A pervasive trend in modern integrated circuit manufacture is to produce transistors having feature sizes as small as possible. To achieve a high density integrated circuit, features such as the gate conductor, source/drain junctions, and interconnect to the junctions must be as small as possible. Many modern day processes employ features which have less than 1.0 μm critical dimension. As feature size decreases, the resulting transistor as well as the interconnect between transistors also decreases. Smaller transistors allows more transistors to be placed on a single monolithic substrate, thereby allowing relatively large circuit systems to be incorporated on a single, relatively small die area.
The benefits of high density circuits can only be realized if advanced processing techniques are used. For example, semiconductor process engineers and researchers often study the benefits of electron beam lithography and x-ray lithography to achieve the lower resolutions needed for submicron features. To some extent wet etch has given way to a more advanced anisotropic (dry etch) technique. Further, silicides and polycides have replaced higher resistivity contact structures mostly due to the lower resistivity needed when a smaller contact area is encountered.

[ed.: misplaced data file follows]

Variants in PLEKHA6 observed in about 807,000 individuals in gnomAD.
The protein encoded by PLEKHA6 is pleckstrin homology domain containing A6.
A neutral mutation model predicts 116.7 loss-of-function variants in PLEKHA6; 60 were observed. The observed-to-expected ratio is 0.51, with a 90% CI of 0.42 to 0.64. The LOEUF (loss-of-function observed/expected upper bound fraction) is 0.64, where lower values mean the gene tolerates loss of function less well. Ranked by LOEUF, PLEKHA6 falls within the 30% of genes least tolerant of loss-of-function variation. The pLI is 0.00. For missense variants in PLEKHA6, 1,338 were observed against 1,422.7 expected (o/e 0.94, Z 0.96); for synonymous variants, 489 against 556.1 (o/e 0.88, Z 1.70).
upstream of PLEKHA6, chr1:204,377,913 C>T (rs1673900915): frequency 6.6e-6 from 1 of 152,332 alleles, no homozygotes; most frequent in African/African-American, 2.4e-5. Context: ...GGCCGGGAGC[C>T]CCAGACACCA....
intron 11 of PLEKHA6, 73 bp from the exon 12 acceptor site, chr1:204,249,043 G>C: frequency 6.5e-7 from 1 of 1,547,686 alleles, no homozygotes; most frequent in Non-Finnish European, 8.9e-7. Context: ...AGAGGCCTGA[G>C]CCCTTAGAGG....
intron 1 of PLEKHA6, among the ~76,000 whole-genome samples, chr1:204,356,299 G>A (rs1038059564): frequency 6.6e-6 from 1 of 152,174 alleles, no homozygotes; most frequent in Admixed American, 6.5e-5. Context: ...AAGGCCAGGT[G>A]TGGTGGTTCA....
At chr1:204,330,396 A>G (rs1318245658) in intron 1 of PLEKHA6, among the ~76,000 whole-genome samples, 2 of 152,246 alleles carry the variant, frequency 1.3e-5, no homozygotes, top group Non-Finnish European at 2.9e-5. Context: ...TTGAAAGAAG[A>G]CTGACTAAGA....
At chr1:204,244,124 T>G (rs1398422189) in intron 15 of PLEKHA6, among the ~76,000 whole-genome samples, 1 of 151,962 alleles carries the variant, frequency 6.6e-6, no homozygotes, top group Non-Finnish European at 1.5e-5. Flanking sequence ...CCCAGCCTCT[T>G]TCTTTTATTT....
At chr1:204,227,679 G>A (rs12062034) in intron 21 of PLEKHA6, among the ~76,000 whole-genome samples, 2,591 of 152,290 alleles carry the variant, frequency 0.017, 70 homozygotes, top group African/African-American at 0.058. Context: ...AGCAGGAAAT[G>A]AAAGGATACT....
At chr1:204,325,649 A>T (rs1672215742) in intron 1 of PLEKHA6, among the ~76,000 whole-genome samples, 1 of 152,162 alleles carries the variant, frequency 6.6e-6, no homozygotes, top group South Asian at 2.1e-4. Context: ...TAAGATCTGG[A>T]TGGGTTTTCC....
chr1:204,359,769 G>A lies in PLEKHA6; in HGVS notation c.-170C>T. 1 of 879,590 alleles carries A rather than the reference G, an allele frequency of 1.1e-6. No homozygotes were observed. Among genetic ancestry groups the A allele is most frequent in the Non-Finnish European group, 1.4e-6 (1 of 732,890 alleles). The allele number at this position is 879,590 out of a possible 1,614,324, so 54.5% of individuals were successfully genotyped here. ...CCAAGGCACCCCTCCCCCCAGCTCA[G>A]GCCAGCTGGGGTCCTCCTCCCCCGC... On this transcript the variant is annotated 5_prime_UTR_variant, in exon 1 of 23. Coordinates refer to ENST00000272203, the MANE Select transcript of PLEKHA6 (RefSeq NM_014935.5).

There are many numerous other techniques used to achieve a higher density circuit, however, these techniques as well as others still must contend with problems resulting from higher density itself. Even the most advanced processing techniques cannot in all instances offset the problems associated with small features or features arranged extremely close to one another. For example, as the channel length decreases, short channel effects ("SCE") generally occur. SCE cause threshold voltage skews at the channel edges as well as excessive subthreshold currents (e.g., punch through and drain-induced barrier lowering). Related to SCE is the problem of hot carrier injection ("HCI"). As the channel shortens and the supply voltage remains constant, the electric field across the drain-to-channel junction becomes excessive. Excessive electric field can give rise to so called hot carriers and the injection of those carriers into the gate oxide which resides between the substrate (or well) and the overlying gate conductor. Injection of hot carriers should be avoided since those carriers can become trapped and skew the turn-on voltage of the ensuing transistor.